Should I buy a circular saw or a table saw?

I have both and I build furniture but find that I only use the circular saw about 5% of the time. Had I not had the circular saw for those tasks, I could have used a hand saw. I would opt for the table saw if you believe the future holds woodworking projects requiring precision.

I can’t imagine that anything more (saw wise) that a circular saw would be needed to build a chicken coop.

I wonder two things. Is the OP thinking radial arm or circular saw. And is he thinking about one of the more portable new table saws that can be set up at the site, or one of those monsters that get set up and never moves.

I wondered the same thing (Post 10) – radial arm or hand held circular. But I suspect that radial arm saws have been pretty much supplanted, at least in common use, by compound miter saws. Except for some specialty applications, like cutting/trimming large and heavy pieces of dimensional lumber. I still see them, for instance, in lumber yards that will do rough cuts for customers.

The portable table saws are pretty much the “contractor” models. Tough, pretty cheap, but inaccurate. Or should I saw imprecise. Good for roughing in work, maybe able to rip something once in a while provided it won’t be a “finish” piece and isn’t too long or awkward. Good for building a chicken coop. But then, a circular saw would probably serve as well for the coop, and has the advantage of being available at the site of assembly.

Unless you enjoy frustrating the shit out of yourself and wasting lots of nice wood, I would never attempt using a “contractor” table saw for “cabinetry grade” work. That’s what the big, expensive – and stable and precise – models are for.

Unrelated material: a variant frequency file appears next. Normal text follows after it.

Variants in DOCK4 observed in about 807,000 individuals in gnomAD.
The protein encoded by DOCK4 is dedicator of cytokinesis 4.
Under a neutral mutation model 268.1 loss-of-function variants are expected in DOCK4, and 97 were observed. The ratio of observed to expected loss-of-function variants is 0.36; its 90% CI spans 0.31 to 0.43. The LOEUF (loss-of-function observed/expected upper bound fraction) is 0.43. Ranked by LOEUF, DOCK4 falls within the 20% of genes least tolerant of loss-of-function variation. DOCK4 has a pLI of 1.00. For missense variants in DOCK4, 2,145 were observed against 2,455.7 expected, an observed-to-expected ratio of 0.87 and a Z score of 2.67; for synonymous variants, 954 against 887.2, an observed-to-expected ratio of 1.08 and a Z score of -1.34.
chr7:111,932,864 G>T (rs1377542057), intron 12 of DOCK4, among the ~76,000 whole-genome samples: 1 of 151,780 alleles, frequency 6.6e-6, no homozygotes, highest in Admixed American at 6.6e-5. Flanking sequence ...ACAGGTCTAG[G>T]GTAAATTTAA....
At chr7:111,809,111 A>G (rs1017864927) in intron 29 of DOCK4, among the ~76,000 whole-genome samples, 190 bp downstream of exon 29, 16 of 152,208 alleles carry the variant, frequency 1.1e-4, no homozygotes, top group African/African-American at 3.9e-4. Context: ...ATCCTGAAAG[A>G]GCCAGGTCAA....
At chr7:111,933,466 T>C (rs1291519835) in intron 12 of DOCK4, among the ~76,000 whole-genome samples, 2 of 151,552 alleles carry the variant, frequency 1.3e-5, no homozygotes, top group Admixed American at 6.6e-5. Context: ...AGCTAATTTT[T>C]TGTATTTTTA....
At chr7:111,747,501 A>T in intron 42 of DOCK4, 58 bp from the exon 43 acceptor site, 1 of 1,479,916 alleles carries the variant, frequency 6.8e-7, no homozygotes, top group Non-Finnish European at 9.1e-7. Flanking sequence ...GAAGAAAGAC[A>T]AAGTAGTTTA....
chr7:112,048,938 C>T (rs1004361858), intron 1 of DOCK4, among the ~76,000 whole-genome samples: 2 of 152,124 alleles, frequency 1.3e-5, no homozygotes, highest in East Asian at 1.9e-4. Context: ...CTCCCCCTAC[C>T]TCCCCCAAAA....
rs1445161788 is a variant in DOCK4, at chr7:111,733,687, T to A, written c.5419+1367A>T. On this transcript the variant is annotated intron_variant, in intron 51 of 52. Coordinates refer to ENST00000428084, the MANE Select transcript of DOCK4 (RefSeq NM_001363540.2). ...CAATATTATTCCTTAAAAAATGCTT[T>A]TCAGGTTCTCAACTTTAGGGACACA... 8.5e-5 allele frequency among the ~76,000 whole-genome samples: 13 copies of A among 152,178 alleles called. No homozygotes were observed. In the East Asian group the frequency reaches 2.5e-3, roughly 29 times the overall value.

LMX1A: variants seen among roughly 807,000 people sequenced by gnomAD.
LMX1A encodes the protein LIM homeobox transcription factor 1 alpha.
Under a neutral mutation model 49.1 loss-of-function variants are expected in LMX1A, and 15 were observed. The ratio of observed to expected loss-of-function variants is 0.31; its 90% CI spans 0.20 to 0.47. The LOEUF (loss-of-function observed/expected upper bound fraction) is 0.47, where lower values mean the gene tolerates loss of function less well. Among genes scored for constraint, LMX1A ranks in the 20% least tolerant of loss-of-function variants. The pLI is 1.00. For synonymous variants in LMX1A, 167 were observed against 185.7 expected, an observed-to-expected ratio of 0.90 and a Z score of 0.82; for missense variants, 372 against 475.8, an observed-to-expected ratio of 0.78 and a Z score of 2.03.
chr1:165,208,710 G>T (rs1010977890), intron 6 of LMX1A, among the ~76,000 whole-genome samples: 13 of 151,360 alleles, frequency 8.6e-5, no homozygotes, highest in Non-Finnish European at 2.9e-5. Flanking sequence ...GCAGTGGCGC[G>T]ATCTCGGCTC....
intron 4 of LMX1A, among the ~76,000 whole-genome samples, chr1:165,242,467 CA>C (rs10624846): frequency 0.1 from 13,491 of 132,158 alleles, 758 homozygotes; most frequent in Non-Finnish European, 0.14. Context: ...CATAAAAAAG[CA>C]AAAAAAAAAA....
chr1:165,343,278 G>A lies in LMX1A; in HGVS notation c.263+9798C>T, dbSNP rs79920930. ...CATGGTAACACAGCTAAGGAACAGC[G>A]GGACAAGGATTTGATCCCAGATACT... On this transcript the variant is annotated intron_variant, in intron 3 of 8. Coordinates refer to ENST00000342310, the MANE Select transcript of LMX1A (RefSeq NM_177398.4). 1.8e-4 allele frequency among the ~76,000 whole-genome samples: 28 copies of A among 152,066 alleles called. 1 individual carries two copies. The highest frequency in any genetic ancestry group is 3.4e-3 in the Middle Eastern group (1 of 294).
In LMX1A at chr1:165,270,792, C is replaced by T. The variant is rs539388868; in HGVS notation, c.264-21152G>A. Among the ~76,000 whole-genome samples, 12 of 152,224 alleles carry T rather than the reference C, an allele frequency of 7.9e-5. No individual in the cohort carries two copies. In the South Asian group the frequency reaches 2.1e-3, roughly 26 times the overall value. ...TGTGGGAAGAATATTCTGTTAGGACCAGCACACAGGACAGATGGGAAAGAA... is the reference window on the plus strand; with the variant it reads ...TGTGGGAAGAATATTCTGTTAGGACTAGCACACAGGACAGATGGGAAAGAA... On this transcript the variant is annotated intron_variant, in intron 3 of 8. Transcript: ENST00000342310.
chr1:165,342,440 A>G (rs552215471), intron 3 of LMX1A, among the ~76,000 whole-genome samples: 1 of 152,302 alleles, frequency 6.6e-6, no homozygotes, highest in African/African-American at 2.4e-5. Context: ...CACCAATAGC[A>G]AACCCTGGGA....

I have both, but they haven’t been used in a decade. What about buying both, lightly used? I’d throw in a reciprocating saw that was purchased for a single job and never plugged in again.:wink:

Maybe have an experienced friend evaluate prior to purchase in exchange for a couple beers.

Agree CannyDan. But I did see my contractor make some really, really good compound cuts when putting the crown molding on my kitchen cabinets with a portable table saw.

Well, I saw the finished work, and frankly, I wondered how the hell he did it.

Eight foot 1x4 mitered at 45d on each edge. Ripped down to 3-1/4 at one end and 2-1/4 at the other. On a little contractor table saw.

I still have one of those Piranhas, best for the price range ever made, for construction that is. I’m posting this picture of a table saw, but what I want everyone to do is ignore ALL the equipment and focus on the single most expense part … the building.

Very nice. I hate you :wink:

Radial Arm Saw. A waste of money and space. They’ve been replaced by miter saws. And good luck trying to rip a piece of plywood in half using a radial arm saw.